Religion: Concept, History, Types and Examples

We explain what religion is and the types of religions that exist. Also, the history of these beliefs and the main religions.

There are an estimated 4000 different religions in the world.

What is religion?

Religion is understood as a set of cultural beliefs, behaviors and values, ethical and social, through which a human collective shares a vision of the world and of existence, and is linked to an idea of ​​the sacred, the transcendent, that is, they give meaning and value to the experience of living.

Religions played a key role in the earliest stages of human civilization, as matrices of a moral, ethical, social or political code, and even of an exercise of law (jurisprudence), through which each human civilization built its lifestyle and its specific concept of duty, all under the idea of that there would be one or more vigilant gods, capable of giving terrible punishment or just reward.

On the other hand, religions provided man with a method to inherit from his descendants a sense of community and belonging, as well as a specific belief regarding the creation of the world, of life and with what happens after death.

Most religions hold dogmas regarding these momentous issues and are based on the teachings of a founding prophet, usually contained in a holy book (such as the Bible, the Koran, etc.).

There are an estimated 4000 different religions in the world, and each one has its communion rites, its sacred places of pilgrimage, its symbols of faith and its mythology and conception of the divine.

In many cases this means a pantheon of deities, in others an abstract and omnipresent entity. The majority, however, profess the faith as one of their highest values, and distinguishes the followers of their philosophy from the practitioners of other creeds or, also, from those who profess none (called atheists or agnostics).

Types of religions

Monotheistic religions believe in the existence of a unique God.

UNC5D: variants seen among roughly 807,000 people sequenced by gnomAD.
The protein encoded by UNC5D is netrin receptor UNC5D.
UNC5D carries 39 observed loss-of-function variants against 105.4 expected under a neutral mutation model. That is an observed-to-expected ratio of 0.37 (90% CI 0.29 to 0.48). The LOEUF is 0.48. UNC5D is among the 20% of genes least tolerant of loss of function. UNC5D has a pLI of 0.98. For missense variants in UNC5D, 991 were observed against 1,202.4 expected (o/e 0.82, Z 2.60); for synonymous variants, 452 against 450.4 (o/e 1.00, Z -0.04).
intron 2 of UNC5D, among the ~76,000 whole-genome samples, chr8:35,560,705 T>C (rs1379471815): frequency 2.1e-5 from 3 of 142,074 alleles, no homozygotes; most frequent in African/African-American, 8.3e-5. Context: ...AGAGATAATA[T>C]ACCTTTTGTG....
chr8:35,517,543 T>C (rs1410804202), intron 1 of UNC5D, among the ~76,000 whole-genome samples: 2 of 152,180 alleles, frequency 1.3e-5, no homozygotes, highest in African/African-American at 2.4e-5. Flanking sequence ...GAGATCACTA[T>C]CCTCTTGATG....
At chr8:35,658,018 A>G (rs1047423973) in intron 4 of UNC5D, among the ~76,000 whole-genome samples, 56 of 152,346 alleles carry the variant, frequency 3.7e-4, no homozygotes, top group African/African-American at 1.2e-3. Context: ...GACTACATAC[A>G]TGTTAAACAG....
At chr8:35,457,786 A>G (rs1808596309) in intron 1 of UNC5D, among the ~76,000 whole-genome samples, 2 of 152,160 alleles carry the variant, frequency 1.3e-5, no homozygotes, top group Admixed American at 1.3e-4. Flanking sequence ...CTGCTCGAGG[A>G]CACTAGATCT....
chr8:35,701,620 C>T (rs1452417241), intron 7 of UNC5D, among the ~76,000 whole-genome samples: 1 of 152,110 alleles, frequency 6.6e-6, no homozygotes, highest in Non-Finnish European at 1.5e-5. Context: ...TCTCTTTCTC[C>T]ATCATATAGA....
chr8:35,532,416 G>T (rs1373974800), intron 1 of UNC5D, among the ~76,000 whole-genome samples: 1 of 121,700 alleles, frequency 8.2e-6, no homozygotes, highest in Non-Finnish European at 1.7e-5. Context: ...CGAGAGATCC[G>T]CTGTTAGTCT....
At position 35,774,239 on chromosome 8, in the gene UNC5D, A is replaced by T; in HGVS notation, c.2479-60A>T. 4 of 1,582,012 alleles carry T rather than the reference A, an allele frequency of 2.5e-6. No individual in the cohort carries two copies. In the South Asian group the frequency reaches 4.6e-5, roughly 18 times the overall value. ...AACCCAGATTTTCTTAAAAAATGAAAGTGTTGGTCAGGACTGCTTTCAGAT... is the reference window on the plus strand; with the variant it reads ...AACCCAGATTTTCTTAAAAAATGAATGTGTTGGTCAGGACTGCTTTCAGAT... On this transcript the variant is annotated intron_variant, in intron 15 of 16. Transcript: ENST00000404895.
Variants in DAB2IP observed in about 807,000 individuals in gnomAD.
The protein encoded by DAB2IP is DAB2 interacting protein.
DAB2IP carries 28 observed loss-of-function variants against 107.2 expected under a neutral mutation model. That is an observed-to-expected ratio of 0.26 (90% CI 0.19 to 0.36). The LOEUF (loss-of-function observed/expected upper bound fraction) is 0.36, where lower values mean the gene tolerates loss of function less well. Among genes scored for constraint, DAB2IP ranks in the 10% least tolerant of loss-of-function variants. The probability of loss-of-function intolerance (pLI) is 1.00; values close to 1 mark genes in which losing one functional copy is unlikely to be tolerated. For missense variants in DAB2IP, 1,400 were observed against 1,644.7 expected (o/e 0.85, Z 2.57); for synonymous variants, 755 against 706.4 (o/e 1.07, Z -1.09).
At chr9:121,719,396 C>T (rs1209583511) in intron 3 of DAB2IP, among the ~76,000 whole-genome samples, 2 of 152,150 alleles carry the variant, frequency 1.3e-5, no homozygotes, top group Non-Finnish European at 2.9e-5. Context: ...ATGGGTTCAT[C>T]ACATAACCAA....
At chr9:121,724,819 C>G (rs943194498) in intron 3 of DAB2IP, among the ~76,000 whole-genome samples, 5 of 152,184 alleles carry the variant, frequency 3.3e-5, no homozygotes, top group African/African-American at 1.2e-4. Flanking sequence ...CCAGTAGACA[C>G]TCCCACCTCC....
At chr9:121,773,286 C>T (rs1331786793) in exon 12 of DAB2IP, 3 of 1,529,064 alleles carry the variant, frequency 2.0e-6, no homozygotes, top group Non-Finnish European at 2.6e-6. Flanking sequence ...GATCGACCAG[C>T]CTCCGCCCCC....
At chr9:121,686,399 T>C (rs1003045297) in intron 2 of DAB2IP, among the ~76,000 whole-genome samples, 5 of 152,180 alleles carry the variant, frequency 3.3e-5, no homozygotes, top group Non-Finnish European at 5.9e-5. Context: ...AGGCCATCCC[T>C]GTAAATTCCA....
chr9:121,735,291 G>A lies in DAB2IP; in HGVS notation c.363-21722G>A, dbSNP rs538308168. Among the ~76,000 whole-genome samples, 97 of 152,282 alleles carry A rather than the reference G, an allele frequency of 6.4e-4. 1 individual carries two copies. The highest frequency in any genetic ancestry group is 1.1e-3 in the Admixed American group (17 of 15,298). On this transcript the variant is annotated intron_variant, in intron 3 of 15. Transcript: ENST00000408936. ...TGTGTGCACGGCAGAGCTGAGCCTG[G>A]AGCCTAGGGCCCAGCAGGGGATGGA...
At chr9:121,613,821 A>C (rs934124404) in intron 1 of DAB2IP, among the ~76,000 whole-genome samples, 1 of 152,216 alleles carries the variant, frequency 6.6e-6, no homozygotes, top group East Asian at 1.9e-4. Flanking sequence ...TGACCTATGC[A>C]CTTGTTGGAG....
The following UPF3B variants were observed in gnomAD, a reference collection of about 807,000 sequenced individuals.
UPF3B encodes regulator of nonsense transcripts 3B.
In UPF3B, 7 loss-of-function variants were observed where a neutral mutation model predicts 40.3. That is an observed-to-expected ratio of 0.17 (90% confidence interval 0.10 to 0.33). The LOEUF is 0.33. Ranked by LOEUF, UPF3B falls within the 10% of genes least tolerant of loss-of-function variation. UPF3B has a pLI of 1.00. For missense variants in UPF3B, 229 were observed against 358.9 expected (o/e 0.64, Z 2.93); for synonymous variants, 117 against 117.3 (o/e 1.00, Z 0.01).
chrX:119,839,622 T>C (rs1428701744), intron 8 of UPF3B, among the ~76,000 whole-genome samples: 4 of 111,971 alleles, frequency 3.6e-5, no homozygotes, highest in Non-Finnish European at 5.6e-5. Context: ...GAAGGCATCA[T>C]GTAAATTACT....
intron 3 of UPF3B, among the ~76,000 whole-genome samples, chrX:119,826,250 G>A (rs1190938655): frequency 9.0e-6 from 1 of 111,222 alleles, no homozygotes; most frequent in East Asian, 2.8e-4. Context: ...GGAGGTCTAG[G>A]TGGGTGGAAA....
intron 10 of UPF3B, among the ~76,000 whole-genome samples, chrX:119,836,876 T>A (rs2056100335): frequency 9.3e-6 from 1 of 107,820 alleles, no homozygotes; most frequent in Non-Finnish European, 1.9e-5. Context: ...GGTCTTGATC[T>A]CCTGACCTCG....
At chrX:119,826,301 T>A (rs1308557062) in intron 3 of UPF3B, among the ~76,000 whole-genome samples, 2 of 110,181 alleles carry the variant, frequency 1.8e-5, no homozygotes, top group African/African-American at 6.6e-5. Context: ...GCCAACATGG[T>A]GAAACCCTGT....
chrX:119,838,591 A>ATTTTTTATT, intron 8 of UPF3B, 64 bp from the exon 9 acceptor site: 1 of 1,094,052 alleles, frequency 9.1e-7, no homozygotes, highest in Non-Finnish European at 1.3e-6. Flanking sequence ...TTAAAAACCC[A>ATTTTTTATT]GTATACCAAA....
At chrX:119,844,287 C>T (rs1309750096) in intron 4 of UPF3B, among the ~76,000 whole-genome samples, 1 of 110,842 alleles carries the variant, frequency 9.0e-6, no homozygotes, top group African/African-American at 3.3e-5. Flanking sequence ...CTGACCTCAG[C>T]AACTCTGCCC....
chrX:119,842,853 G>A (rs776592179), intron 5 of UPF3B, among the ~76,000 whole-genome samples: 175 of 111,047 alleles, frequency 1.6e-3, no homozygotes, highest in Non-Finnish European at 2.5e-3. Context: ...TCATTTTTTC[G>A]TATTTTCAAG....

It is common to distinguish between three types of religious doctrines, according to their particular conception of God and the divine. These types are:

  • Religions monotheists. They are those religions that believe in the existence of a unique God, creator of the universe, and defend their moral and existential codes as the only ones, universal and true. A good example of this is Islam or Orthodox Christianity.
  • Religions politheists. Instead of a single God, they believe in a more or less hierarchical pantheon of deities, to whom they attribute dominion over the various aspects of human life and nature. A good example of this is the religion of the ancient Greeks, which survived in their literature and mythology.
  • Religions panteists. In this case the religions defend that both the creator and the creation, that is, both the physical and the spiritual world, have the same substance and respond to a unique philosophy. A good example of them is Taoism.
  • Non-theists. They do not postulate the existence of creators and creations, but of universal laws that govern human existence. Zen Buddhism is a good example of this.

History of religion

Religion has accompanied man since the dawn of time and its appearance, however primitive, represents an important step towards building a civilization of your own. Funeral rites, annual festivities and other rites of commemoration of existence are part of its most important manifestations.

Religion played a vital role in the constitution of the first hierarchical societies and the first monarchies, from Ancient Egypt, the Ancient Mayans and Chinese civilization.

It motivated wars, cultural exchanges and architectural developments throughout the world, until in the western nations it was confronted with the rationalist thought of the Enlightenment, in the seventeenth century, and finally lost the battle for political control, becoming today in most countries a related issue to cultural identity and citizen privacy, away from the government and the new secular state.

Major world religions

Christianity has 33.06% of faithful in the world.

The main religions of the world according to their number of followers are:

  • Christianity. With 33.06% of the faithful in the world, it is the majority religion today, grouping its different sects such as Catholicism, Protestantism and evangelical churches.
  • Islam. The sister religion of Christianity, of Asian origin, has 20.28% of the world’s faithful in its various expressions, more or less orthodox. It has become infamous in the early 21st century by radical Islamic factions like the Islamic State.
  • Hinduism. With 13.33% of the faithful, the Hindi religion survives despite the conditions of economic and cultural colonialism suffered by its cradle, the nation of India, during the 19th and part of the 20th centuries.
  • Chinese religion. The traditional Chinese religion is the one with the most followers (6.27% of the world) in its territory, despite being a mixed religion whose practices are not always uniform, and present a high degree of syncretism.
  • Buddhism. With 5.87% of the total faithful, Buddhism is the fifth largest religion in the world.